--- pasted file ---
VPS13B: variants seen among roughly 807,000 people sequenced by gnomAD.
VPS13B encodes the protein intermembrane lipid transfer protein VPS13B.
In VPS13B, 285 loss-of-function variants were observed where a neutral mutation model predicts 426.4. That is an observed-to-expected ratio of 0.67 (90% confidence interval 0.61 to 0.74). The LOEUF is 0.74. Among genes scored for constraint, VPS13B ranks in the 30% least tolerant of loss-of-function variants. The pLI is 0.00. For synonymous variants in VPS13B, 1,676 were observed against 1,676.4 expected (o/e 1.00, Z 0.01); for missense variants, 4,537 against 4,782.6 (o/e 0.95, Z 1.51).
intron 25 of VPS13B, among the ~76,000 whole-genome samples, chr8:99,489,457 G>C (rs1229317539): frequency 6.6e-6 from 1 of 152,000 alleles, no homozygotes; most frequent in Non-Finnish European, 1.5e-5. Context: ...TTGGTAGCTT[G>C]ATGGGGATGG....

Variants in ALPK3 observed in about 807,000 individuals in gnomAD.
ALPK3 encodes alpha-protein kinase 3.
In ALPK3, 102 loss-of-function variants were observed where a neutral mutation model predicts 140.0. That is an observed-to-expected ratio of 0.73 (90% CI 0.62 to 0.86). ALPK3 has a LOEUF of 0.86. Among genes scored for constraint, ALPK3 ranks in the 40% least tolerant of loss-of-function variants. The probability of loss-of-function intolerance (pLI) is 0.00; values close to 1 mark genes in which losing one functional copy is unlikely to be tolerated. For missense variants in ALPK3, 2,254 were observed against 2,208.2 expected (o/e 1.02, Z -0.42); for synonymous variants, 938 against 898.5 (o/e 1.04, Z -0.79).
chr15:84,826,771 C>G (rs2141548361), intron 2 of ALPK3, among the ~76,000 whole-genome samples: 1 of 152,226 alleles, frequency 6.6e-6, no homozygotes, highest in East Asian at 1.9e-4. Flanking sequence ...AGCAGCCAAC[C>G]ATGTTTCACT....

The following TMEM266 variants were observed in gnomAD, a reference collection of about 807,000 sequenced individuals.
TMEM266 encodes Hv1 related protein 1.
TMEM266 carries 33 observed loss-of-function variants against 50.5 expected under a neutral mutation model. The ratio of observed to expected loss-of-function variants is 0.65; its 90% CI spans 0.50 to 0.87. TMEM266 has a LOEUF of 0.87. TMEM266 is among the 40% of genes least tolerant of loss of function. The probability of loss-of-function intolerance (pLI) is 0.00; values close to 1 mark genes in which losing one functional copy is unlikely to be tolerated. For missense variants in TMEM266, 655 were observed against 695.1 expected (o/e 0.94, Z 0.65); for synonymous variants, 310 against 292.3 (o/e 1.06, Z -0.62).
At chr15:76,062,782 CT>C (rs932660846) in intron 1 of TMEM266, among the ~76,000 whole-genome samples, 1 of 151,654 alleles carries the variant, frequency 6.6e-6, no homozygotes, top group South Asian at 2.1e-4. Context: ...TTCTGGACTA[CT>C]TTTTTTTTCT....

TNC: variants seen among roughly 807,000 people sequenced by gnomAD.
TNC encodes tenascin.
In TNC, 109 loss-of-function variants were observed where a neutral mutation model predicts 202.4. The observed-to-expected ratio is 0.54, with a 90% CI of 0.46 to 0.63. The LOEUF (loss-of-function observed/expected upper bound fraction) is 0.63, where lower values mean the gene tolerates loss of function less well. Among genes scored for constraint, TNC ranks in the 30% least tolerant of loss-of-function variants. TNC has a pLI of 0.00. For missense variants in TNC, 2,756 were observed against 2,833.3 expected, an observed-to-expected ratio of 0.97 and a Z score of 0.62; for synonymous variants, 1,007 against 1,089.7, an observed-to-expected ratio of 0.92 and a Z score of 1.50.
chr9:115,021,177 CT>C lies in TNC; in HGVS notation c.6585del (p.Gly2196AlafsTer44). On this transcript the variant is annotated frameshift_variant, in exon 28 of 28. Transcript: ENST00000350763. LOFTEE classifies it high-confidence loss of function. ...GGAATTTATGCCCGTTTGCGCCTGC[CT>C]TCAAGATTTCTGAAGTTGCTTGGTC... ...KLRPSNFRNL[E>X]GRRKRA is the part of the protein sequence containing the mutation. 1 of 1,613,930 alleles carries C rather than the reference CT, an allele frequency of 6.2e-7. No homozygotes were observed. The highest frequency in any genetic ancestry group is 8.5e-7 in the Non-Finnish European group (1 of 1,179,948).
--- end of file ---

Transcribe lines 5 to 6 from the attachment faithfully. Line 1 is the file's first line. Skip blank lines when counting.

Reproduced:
Variants in ALPK3 observed in about 807,000 individuals in gnomAD.
ALPK3 encodes alpha-protein kinase 3.